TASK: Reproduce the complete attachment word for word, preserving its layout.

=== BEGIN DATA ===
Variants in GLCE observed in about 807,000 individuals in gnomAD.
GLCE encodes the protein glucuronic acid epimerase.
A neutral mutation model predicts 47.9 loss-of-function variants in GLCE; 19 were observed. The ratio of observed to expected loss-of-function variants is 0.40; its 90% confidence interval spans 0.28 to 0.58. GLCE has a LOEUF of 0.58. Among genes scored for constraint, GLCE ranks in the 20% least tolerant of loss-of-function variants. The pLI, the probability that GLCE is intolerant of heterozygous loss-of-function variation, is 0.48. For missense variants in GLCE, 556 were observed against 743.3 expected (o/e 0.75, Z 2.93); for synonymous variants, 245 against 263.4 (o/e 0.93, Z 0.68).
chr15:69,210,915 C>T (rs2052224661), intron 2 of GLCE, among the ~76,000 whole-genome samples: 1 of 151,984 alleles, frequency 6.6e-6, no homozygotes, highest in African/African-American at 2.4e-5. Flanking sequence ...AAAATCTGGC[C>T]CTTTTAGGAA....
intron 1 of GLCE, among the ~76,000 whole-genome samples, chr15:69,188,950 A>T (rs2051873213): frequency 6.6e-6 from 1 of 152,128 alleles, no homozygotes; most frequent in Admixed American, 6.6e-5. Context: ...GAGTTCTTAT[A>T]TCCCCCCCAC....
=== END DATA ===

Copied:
Variants in GLCE observed in about 807,000 individuals in gnomAD.
GLCE encodes the protein glucuronic acid epimerase.
A neutral mutation model predicts 47.9 loss-of-function variants in GLCE; 19 were observed. The ratio of observed to expected loss-of-function variants is 0.40; its 90% confidence interval spans 0.28 to 0.58. GLCE has a LOEUF of 0.58. Among genes scored for constraint, GLCE ranks in the 20% least tolerant of loss-of-function variants. The pLI, the probability that GLCE is intolerant of heterozygous loss-of-function variation, is 0.48. For missense variants in GLCE, 556 were observed against 743.3 expected (o/e 0.75, Z 2.93); for synonymous variants, 245 against 263.4 (o/e 0.93, Z 0.68).
chr15:69,210,915 C>T (rs2052224661), intron 2 of GLCE, among the ~76,000 whole-genome samples: 1 of 151,984 alleles, frequency 6.6e-6, no homozygotes, highest in African/African-American at 2.4e-5. Flanking sequence ...AAAATCTGGC[C>T]CTTTTAGGAA....
intron 1 of GLCE, among the ~76,000 whole-genome samples, chr15:69,188,950 A>T (rs2051873213): frequency 6.6e-6 from 1 of 152,128 alleles, no homozygotes; most frequent in Admixed American, 6.6e-5. Context: ...GAGTTCTTAT[A>T]TCCCCCCCAC....